Tuesday, October 18, 2005


Supreme Court
Originally uploaded by josephthaddeus.
The Supreme Court today lifted the temporary restraining order on the expanded value-added tax law paving the way for its implementation.

In its 9 page resolution, the Court said the law was constitutional and it has no power to stop it.

"So long as there is a public end ... the means through which such end shall be accomplished is for the legislature to choose so long as it is within constitutional bounds," the resolution said.

SC Spokesperon Atty. Ismael Khan said the justices barely changed their earlier positions on certain issues raised against the law.

"They (petitioners) failed to convince the justices. Those justices who dissented before simply re-affirmed their dissents," Khan said.

Among the issues were the deletion of the "no pass-on provision" in the bicameral conference committe report.

Petitioners argued that the bicam should not have deleted the provision claiming there was no conflict in the House and Senate versions.

But the Court defended the bicam by saying it had every right to settle differences in the version of the bill.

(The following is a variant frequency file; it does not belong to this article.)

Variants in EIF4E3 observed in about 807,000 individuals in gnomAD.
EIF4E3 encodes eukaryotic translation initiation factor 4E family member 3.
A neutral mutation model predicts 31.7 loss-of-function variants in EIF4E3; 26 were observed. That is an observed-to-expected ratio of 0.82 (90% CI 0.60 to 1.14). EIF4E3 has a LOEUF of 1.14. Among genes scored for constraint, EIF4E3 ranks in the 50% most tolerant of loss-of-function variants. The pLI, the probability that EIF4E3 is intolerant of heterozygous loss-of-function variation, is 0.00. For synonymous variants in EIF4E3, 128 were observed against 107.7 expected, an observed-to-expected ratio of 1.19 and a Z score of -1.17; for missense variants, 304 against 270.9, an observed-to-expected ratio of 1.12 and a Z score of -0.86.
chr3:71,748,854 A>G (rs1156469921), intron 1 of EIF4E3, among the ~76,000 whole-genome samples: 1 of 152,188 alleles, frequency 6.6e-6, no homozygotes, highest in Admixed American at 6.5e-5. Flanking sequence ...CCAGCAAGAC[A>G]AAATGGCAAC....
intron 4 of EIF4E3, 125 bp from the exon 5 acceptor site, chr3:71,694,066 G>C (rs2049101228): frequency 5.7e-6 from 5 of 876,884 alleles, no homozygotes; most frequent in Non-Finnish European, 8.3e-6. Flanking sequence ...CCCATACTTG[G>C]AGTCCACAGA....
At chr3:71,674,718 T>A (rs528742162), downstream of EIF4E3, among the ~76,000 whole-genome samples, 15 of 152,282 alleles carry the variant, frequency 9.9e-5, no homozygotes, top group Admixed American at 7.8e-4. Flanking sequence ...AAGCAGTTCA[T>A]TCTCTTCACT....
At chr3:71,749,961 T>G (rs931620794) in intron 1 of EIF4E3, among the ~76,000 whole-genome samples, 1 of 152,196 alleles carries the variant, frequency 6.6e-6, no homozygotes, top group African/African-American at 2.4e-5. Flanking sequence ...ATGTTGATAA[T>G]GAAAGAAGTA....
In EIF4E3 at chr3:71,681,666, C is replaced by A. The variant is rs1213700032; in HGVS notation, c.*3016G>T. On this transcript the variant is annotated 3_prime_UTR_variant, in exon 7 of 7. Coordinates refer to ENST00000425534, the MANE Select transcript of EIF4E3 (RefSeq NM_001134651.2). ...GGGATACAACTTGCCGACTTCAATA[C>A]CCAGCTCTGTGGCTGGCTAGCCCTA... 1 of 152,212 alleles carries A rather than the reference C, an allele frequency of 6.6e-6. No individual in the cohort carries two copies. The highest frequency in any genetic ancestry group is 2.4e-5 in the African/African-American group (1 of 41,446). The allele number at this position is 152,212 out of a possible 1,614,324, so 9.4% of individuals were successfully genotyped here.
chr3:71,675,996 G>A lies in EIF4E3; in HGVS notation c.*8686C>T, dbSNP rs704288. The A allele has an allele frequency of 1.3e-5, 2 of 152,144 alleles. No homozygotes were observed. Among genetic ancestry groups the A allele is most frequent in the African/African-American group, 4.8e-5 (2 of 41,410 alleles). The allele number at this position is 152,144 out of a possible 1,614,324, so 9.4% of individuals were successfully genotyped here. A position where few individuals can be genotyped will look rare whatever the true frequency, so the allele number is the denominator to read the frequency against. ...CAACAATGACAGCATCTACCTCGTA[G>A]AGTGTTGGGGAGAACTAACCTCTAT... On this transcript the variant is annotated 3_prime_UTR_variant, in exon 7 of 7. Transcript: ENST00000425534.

The Court also upheld the granting of provisional authority to the President to raise the vat rate from 10% to 12% in 2006 based on the recommendation of the finance secretary.

In R.A. 9337, the Finance secretary is given authority to determine factors such as the Gross Domestic Product (GDP) and revenue collections.

Petitioners had contested the recommendatory powers of the finance secretary saying it is an "undue delegation of legislative powers."

But the Court dismissed the argument saying finance secretary will merely determine if the factors are present to raise the vat. He/she will not exercise discretionary powers.

BIR Commissioner Jose Mario Bunag meanwhile said, the government may start collecting additional taxes on November 1.

He will meet with Finance Secretary Margarito Tevez tomorrow to finalize their plan.

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